Police escort refugee children to school

Police escort refugee children to school

Police in a northern Greek village escorted refugee children to school Monday, as local parents protested the launch of a national program to educate migrant youngsters, an AFP reporter saw.

Around 100 police formed a corridor to enable some 40 puzzled-looking children from Syria and Afghanistan to enter the school at Profitis, a village a few kilometres (miles) north of Thessaloniki.

A similar number of parents – who had earlier padlocked the school gate – waved Greek flags and hurled insults at local education authorities.

“Our children will be raped and then, who will take responsibility?” one parent shouted.

“We are told these children have been vaccinated but we don't believe them,” another said.

Some 1,500 refugee children attended classes in some 20 schools nationwide Monday, the first day of an education initiative set to include thousands of minors from war-torn regions.

Police said there were no similar incidents in the other schools where the plan was piloted.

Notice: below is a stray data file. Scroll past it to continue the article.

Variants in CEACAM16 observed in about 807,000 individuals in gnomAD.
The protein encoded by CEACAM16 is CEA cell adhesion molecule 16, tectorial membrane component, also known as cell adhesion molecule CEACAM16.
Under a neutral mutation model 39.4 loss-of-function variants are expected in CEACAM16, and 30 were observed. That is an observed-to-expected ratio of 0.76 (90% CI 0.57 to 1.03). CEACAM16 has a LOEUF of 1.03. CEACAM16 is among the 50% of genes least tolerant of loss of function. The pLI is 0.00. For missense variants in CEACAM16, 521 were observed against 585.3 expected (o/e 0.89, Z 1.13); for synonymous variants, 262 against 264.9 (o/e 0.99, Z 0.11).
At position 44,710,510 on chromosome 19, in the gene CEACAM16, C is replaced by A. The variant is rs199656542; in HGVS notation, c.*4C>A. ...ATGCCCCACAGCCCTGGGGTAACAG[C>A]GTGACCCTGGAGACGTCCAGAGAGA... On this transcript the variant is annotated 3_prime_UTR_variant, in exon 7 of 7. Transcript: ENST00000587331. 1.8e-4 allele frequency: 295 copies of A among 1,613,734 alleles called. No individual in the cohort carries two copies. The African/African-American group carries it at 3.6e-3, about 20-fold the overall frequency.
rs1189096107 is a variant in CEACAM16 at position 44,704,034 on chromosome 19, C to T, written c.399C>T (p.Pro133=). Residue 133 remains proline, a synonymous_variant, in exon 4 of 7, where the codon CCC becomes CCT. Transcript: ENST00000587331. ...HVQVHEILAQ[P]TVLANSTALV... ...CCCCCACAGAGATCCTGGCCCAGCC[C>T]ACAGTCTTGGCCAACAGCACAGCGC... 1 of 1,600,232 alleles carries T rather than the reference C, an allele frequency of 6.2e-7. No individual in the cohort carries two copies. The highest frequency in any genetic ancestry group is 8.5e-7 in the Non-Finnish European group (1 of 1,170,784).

Afternoon classes are being held in schools in greater Athens, the region in and around Thessaloniki, and other parts of the country.

No child will be allowed to join the program without prior vaccination, officials have stressed.

Eventually over 10,000 children are to be part of the program by the end of the month, according to the education ministry.

The Greek government had initially said it would enrol some 18,000 migrant children in schools from the end of September.

But last month parents in Oreokastro, a district near Thessaloniki, said they would not allow refugee children in their schools for health reasons, a stance condemned by the government.

Over 60,000 refugees and migrants are currently stuck in Greece after several European states further north shut their borders earlier this year.

They include thousands of Syrians fleeing civil war who are waiting for asylum approval or relocation elsewhere in the European Union.

But that procedure has been held up by the reluctance of many EU states to accept Muslim refugees after a spate of jihadist attacks in Belgium, France and Germany this year.


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